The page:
“We have a real crisis out there with respect to braille instruction in the state and in this country,” Trapp said. “It’s manifesting in our consumers who don’t have the braille skills that they need or did a generation ago. When students don’t have braille skills, they don’t have confidence, which translates to individuals setting lower goals. There’s a whole cascading series of things that happen. The seeds that we’re planting here now and did four years ago will bear fruit in five, 10, and 20 years down the road. I hope that we’re doing here will be emulated elsewhere. We’re seeing a real shortage of qualified teachers of the blind in terms of instruction.”

The following two tabs change content below.
Corbb O'Connor
Corbb, a blind entrepreneur, coordinates the outreach and marketing efforts for the Institute on Blindness at Louisiana Tech University as an independent consultant.

One Response to “Passing the NCLB Could Mean 2 Days of Vacation in New Mexico”

  1. David

    Dear Blog: And to think when I once was a braille teacher and took and passed that test in November 1994, the agency where I taught was not impressed. Oh, they wanted the credential, but to make them look good. I also had just finished the proofreading certification. I’d have liked all that bonus like in New Mexico. I never advanced beyond $11.18, even after two years teaching, only missing one day, the Wednesday before Thanksgiving because I was not in them ood for sensitivity training. My guide dog would have gotten nervous. Waiting 18 months for a 6 months evaluation was trying, too. There were rules for staff and another set for upper management. We were not allowed to miss, but upper management could miss months ofwork with pay.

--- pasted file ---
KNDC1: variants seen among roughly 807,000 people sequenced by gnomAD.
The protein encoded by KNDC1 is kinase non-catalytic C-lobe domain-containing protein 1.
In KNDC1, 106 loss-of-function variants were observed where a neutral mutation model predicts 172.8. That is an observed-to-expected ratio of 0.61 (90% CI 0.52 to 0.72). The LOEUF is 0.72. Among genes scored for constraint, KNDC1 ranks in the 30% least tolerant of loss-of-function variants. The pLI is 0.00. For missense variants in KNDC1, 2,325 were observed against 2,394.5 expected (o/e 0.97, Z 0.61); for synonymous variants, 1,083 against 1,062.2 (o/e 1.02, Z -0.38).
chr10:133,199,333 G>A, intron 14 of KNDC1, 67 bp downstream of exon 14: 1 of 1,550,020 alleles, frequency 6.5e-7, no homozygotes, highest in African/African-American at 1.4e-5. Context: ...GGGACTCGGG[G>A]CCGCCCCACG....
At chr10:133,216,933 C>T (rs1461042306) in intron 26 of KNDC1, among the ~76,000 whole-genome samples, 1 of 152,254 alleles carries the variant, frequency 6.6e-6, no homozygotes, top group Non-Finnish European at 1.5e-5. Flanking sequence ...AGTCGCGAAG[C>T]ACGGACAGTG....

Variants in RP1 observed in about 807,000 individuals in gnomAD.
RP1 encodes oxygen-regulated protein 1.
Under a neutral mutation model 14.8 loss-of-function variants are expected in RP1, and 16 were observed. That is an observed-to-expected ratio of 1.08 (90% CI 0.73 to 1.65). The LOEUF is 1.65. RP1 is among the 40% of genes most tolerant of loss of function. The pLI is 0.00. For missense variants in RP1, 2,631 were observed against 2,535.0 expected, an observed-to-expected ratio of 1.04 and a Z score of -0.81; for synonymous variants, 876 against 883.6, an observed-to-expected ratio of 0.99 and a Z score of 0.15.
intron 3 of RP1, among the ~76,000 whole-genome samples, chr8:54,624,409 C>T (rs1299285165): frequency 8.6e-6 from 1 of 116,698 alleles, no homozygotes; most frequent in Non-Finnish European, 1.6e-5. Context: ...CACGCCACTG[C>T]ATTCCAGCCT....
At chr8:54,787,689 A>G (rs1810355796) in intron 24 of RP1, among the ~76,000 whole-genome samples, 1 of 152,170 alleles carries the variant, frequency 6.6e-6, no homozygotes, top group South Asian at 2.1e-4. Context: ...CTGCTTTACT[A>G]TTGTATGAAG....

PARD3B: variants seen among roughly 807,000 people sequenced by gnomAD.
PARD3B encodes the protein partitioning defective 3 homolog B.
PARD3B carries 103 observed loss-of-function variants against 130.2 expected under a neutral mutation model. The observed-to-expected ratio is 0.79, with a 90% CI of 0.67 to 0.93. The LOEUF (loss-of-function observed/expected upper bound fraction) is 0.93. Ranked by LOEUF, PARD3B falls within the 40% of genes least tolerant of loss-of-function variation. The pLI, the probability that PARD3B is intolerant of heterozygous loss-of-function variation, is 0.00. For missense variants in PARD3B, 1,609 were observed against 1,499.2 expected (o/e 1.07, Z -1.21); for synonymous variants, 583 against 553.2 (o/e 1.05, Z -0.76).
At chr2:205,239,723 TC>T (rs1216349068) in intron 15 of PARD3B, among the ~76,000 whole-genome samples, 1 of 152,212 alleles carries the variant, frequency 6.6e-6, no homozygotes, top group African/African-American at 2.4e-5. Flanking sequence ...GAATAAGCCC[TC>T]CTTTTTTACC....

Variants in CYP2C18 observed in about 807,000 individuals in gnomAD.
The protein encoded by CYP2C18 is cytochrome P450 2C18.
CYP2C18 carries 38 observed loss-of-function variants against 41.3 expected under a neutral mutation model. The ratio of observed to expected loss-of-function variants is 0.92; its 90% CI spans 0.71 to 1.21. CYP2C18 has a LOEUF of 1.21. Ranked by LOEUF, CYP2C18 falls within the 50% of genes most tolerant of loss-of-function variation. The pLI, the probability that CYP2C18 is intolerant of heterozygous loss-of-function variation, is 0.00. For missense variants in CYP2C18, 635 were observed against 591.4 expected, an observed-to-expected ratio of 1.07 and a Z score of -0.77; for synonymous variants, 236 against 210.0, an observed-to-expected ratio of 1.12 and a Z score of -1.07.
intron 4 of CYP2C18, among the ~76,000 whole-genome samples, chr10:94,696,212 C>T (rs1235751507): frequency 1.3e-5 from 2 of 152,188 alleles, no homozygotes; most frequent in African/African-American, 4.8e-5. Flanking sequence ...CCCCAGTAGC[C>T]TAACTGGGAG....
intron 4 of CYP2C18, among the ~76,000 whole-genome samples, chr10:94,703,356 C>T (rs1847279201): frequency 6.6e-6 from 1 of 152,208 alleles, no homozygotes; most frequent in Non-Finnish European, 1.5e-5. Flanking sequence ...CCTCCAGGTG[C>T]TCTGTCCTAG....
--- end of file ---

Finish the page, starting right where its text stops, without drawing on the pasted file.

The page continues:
If braille is to become more important, the salaries need to come up. There is a huge split between O&M pay and braille teacher pay. I understand the risks of O&M and personally dislike the field, but literacy is important, too. I once heard $25 an hour was a good salary for a braille instructor, but I don’t know of anyone making that!

    Now, I’ve been out of the field rather a long time. Even my Grade 3 is rusty. That shouldn’t surprise anyone. No braille translation software produces Grade 3. Even that NFBTrans only produces about Grade 2.5 or 2.75 and good luck finding anyone to help you make it work on a Windows 7 platform in 64 bit platform mode. Even WINTrans was useless and exactly NO ONE seemed able to help me when I tried to find help– story of my adaptive tech life, alas. It’s like the monks copying manuscripts in the first half of the Middle Ages. If you were at a monastery, maybe you knew a bit more than the average serf; if not, not. And I don’t want to be a serf.

    Thank you for the opportunity to post. I wish New Mexico’s Commission every success with this project. I actually have a mutual friend who knew Mr. Trapp. I did, however, think New Mexico was rich in natural gas and oil revenues. I understand the blind school there is. Perhaps, not all benefit from such largess?

    I hope someone out there reads this and thinks about it. Jerry Whittle can vouch for me, too. I even read braille at over 300 wpm, but I am out of practice now. I have also heard a blind poet say there were other forms of literacy. He has done well and teaches at a university in Ohio, if memory serves, so maybe he’s right, too.

    Reply

Leave a Reply

Your email address will not be published. Required fields are marked *

eighty three − eighty =

You may use these HTML tags and attributes: <a href="" title="" rel=""> <abbr title=""> <acronym title=""> <b> <blockquote cite=""> <cite> <code> <del datetime=""> <em> <i> <q cite=""> <strike> <strong>